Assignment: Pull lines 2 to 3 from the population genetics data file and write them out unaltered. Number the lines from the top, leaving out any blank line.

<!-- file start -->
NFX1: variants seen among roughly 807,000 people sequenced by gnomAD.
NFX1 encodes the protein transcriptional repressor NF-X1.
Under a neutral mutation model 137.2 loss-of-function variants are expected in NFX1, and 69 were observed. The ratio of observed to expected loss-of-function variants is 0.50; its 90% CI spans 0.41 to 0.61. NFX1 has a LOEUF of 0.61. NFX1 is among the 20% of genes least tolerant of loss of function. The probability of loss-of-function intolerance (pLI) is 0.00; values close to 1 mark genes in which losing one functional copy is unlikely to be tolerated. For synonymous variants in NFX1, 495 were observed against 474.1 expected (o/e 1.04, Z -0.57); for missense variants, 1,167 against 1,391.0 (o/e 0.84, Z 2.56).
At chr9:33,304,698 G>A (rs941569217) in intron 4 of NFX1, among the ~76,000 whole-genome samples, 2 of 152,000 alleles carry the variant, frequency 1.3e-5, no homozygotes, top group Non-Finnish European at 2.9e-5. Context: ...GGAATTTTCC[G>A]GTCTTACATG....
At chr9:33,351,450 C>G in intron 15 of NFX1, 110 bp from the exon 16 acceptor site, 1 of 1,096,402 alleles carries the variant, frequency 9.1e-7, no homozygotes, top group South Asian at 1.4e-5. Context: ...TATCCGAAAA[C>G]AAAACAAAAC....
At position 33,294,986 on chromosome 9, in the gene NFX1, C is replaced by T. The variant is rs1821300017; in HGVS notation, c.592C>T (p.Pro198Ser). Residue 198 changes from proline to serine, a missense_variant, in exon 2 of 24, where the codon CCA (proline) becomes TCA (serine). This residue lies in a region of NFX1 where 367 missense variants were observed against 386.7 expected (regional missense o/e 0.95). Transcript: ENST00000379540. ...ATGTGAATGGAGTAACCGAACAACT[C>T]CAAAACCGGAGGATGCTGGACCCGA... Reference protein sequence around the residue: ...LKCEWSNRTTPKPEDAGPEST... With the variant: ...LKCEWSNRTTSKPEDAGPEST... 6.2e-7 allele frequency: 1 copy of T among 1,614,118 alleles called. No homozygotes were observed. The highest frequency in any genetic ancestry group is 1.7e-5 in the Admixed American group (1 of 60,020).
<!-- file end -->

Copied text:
NFX1 encodes the protein transcriptional repressor NF-X1.
Under a neutral mutation model 137.2 loss-of-function variants are expected in NFX1, and 69 were observed. The ratio of observed to expected loss-of-function variants is 0.50; its 90% CI spans 0.41 to 0.61. NFX1 has a LOEUF of 0.61. NFX1 is among the 20% of genes least tolerant of loss of function. The probability of loss-of-function intolerance (pLI) is 0.00; values close to 1 mark genes in which losing one functional copy is unlikely to be tolerated. For synonymous variants in NFX1, 495 were observed against 474.1 expected (o/e 1.04, Z -0.57); for missense variants, 1,167 against 1,391.0 (o/e 0.84, Z 2.56).